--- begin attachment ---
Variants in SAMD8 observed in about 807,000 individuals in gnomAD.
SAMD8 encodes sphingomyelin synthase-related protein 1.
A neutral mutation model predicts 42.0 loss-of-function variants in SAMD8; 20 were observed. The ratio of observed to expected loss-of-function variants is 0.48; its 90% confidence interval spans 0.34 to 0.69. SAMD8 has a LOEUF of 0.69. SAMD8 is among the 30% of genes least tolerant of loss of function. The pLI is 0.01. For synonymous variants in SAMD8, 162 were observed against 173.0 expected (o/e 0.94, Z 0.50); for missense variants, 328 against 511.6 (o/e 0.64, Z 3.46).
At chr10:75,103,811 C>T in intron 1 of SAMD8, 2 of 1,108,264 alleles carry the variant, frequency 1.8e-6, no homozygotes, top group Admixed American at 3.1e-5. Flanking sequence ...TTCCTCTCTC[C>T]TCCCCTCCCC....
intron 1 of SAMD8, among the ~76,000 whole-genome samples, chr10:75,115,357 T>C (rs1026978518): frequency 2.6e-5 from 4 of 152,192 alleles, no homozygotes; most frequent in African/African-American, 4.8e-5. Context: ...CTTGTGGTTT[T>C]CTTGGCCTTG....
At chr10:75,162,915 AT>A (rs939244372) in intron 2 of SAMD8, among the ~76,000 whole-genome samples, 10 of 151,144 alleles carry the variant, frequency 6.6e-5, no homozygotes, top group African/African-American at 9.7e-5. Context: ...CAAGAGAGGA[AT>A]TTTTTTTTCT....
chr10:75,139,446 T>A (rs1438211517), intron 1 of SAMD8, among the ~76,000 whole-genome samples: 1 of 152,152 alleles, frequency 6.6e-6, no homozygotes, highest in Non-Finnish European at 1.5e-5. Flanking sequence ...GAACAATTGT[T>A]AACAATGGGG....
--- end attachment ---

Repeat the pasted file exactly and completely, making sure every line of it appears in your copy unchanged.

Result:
Variants in SAMD8 observed in about 807,000 individuals in gnomAD.
SAMD8 encodes sphingomyelin synthase-related protein 1.
A neutral mutation model predicts 42.0 loss-of-function variants in SAMD8; 20 were observed. The ratio of observed to expected loss-of-function variants is 0.48; its 90% confidence interval spans 0.34 to 0.69. SAMD8 has a LOEUF of 0.69. SAMD8 is among the 30% of genes least tolerant of loss of function. The pLI is 0.01. For synonymous variants in SAMD8, 162 were observed against 173.0 expected (o/e 0.94, Z 0.50); for missense variants, 328 against 511.6 (o/e 0.64, Z 3.46).
At chr10:75,103,811 C>T in intron 1 of SAMD8, 2 of 1,108,264 alleles carry the variant, frequency 1.8e-6, no homozygotes, top group Admixed American at 3.1e-5. Flanking sequence ...TTCCTCTCTC[C>T]TCCCCTCCCC....
intron 1 of SAMD8, among the ~76,000 whole-genome samples, chr10:75,115,357 T>C (rs1026978518): frequency 2.6e-5 from 4 of 152,192 alleles, no homozygotes; most frequent in African/African-American, 4.8e-5. Context: ...CTTGTGGTTT[T>C]CTTGGCCTTG....
At chr10:75,162,915 AT>A (rs939244372) in intron 2 of SAMD8, among the ~76,000 whole-genome samples, 10 of 151,144 alleles carry the variant, frequency 6.6e-5, no homozygotes, top group African/African-American at 9.7e-5. Context: ...CAAGAGAGGA[AT>A]TTTTTTTTCT....
chr10:75,139,446 T>A (rs1438211517), intron 1 of SAMD8, among the ~76,000 whole-genome samples: 1 of 152,152 alleles, frequency 6.6e-6, no homozygotes, highest in Non-Finnish European at 1.5e-5. Flanking sequence ...GAACAATTGT[T>A]AACAATGGGG....